On ‘Intersectionality’

Here are two sentences from Lakshmi Chaudhry: The problem isn’t that we are more sexist than racist as a society. It’s that race and gender are far too often pitted against each other, and one can be used to justify sins against the other. A sentence from me is that the point of understanding ‘intersectionality’, multiple oppression, and so on is not to enter into a sterile competition about who is the most oppressed.

When the invocation of ‘intersectionality’ in fact serves to pit categories like race, gender, sexual orientation, nationality, and class against each other, as opposed to show how they work together, or when it is used as a mechanism through which to assert power over the next person, it becomes a tool of the Right.

Axé.

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7 Comments

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7 responses to “On ‘Intersectionality’

  1. When the invocation of ‘intersectionality’ in fact serves to pit categories like race, gender, sexual orientation, nationality, and class against each other, as opposed to show how they work together, or when it is used as a mere tool to assert power over the next person, it has become a tool of the Right.

    Exactly, and that is the point I balk. I feel oppressed more. The true color/sex of the face of my oppressor does not matter because the new race and sex becomes “the” face of the traditional oppressor. When tools used by the traditional oppressor become tools used by the currently oppressed, it simply changes (eventually or in process) the who of the oppressor, but not the system of oppression. Therefore, anyone, ANYONE who uses the same tools can indeed be part of a process that is “morphing into the oppressor.”

    Changing the appearnce of the players does nothing. The structure must change.

  2. N.B. Spotted Elephant’s comment, posted on Country Joe is actually about this post. See
    http://profacero.wordpress.com/2007/03/27/475/#comment-2931

  3. Just an aside. Can you believe the Nation had the nerve to ask for a donation? HAH!

  4. Yes, the Nation calls me on the phone about this. I subscribe, and I am too broke to subscribe to many magazines, and I give them a lot of free advertising, so they should be satisfied. When they phone me, I say I need my last $20 for gas to visit the death row prisoners I am dealing with, etc. And what I say is even _true_. But it makes them feel guilty. I should come up with a nicer, firm way to say no, but so far this has been the only technique that works.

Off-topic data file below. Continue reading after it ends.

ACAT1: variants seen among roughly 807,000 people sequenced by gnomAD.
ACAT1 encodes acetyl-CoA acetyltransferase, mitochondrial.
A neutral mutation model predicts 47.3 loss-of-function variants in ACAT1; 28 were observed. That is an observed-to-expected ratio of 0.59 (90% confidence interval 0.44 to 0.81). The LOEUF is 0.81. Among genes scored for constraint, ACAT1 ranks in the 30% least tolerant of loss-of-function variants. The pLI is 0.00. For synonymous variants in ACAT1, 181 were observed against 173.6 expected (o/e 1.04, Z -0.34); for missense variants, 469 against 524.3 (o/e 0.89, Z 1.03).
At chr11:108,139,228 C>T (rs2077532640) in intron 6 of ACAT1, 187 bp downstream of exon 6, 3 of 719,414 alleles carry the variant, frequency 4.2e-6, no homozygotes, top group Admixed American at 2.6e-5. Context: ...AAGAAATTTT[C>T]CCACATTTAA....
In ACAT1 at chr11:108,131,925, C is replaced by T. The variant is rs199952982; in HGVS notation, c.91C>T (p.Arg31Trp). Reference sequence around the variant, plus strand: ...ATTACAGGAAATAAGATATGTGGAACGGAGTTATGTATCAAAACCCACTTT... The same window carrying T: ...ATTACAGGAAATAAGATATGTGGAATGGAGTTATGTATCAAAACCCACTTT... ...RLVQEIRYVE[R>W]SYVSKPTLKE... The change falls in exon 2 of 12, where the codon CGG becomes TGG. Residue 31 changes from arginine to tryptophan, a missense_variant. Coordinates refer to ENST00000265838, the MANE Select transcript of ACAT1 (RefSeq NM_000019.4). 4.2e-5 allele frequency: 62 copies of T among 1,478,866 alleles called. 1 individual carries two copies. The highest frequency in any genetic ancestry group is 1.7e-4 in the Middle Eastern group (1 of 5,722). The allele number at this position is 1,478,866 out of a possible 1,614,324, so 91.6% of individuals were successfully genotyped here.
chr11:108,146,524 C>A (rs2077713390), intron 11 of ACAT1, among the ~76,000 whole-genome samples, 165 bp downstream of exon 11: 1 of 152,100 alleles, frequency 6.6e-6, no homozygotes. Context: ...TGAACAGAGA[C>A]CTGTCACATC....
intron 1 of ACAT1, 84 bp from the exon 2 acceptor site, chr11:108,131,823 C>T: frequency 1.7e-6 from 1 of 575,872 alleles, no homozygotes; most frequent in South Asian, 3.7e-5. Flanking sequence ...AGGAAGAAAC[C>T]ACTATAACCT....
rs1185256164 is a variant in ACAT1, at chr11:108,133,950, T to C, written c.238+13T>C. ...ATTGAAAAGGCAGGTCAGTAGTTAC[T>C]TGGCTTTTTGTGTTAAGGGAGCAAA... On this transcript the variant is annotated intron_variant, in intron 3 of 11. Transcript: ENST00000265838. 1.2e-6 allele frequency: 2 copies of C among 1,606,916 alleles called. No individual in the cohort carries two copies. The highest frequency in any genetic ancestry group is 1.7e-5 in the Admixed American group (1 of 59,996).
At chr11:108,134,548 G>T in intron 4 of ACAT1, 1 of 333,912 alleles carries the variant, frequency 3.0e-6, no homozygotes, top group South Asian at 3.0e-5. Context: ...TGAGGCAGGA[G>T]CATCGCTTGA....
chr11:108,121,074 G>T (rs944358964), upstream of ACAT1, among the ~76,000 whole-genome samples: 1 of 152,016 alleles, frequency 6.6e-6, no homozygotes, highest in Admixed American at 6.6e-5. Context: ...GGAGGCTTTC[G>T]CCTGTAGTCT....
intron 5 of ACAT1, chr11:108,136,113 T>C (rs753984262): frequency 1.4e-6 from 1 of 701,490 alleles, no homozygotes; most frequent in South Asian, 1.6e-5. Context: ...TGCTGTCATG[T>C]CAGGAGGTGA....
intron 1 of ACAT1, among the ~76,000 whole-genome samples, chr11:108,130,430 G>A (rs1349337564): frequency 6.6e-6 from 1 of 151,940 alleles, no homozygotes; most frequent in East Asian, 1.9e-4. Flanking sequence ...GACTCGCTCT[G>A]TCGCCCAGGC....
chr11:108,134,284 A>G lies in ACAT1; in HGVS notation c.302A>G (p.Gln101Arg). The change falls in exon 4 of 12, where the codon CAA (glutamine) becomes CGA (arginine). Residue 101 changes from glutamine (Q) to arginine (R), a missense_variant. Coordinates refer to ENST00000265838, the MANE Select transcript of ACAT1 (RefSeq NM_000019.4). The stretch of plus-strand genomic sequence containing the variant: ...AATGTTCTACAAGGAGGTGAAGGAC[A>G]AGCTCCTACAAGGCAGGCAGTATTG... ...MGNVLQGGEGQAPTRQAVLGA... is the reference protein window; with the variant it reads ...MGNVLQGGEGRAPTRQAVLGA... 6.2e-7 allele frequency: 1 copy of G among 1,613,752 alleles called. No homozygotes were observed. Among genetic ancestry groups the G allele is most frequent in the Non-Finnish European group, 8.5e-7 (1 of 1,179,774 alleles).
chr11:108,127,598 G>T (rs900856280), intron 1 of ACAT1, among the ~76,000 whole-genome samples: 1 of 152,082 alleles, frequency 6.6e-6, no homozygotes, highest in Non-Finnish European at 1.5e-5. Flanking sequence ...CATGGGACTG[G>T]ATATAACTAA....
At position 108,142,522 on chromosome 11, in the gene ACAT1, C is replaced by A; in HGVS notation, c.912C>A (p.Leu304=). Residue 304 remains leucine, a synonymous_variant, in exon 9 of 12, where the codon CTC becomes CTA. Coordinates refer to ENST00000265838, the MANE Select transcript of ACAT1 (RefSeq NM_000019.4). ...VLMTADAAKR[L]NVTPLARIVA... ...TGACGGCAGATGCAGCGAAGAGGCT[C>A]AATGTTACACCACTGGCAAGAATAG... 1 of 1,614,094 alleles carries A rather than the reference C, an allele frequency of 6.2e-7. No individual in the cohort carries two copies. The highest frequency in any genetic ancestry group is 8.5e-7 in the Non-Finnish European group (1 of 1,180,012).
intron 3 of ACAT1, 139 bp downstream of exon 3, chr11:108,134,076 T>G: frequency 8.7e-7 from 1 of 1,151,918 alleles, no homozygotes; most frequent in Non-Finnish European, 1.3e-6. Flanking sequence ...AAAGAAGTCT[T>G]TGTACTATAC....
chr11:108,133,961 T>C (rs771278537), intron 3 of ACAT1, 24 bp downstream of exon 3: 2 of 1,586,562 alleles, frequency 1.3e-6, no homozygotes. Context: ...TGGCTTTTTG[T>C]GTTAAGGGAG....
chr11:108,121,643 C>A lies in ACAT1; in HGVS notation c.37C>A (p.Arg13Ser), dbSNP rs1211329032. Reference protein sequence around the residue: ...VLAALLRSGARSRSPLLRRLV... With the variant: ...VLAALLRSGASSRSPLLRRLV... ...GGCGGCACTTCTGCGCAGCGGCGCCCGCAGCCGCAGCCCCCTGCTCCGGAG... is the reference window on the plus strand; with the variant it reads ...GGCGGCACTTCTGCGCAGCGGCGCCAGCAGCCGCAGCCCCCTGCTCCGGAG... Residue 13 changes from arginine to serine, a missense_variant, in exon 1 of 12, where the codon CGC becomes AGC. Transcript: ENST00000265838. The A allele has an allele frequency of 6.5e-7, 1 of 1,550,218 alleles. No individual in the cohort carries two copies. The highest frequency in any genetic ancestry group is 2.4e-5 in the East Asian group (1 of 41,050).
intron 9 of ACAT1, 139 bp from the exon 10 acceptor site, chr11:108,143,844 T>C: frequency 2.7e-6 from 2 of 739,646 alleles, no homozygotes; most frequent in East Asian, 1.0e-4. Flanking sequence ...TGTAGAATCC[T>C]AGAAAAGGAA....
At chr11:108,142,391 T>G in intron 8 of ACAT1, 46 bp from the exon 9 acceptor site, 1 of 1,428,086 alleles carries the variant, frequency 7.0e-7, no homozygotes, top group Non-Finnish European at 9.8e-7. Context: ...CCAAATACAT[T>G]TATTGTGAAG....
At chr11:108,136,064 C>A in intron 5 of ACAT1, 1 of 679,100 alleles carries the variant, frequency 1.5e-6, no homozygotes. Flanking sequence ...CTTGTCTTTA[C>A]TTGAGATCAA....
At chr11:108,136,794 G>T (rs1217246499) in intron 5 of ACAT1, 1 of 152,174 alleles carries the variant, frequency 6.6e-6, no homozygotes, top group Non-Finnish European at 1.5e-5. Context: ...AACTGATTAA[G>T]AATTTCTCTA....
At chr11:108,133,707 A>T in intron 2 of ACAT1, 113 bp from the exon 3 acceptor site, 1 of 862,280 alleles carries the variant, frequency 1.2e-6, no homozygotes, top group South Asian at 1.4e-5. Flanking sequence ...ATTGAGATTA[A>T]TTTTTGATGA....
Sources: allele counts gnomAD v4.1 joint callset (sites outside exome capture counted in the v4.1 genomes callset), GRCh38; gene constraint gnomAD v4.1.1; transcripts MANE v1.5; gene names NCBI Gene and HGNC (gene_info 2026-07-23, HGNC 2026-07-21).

On the main issue – it is also simply uncool to use supposedly good causes like fighting racism, improving ‘academic’ standards, etc., as excuses for attacking people on the Internet.

  5. 03 29 07
    “A sentence from me is that the point of understanding ‘intersectionality’, multiple oppression, and so on is not to enter into a sterile competition about who is the most oppressed.”

    Yes preach on! I get so mad when people talk about how their ancestors were Irish and ‘Irish need not apply.’ The reason why I get mad is not that bad things didn’t happen to the Irish in America and in Ireland, but that yet and still they were the beneficiaries of White privilage once they came to America. Yet and still these types of people go on long litergies about how oppressed their ancestors were by the British and how Black people weren’t slaves for as long as blah blah blah blah blah…

    Those types of conversations sadden me because such people are entering into a competition with me about who got hurt the most and they are claiming victory and brandishing it like a weapon to prevent legitimate discussions of racism from taking place.

    You are right in that those with impure desires use past oppression as a tool of divisiveness.

  6. Exactly, profacero! Intersectionality actually was a response, at least in part, to the way anti-racists could be sexist and anti-sexists could be racist. But it gets invoked in ways which are contra to those intentions.

    Heart

  7. Yes, great post. To me, the concept of intersectionality is closely tied to the value of personal narratives: it’s important to hear how different social markings (race, class, gender, etc.) appear and combine in an individual’s story. Such stories are not in competition with other kinds of solidarity (solidarity against sexism, for example) — rather, they serve to demonstrate the complex grounding of oppression in everyday life, and to prevent the issue of oppression from being conveniently abstracted.

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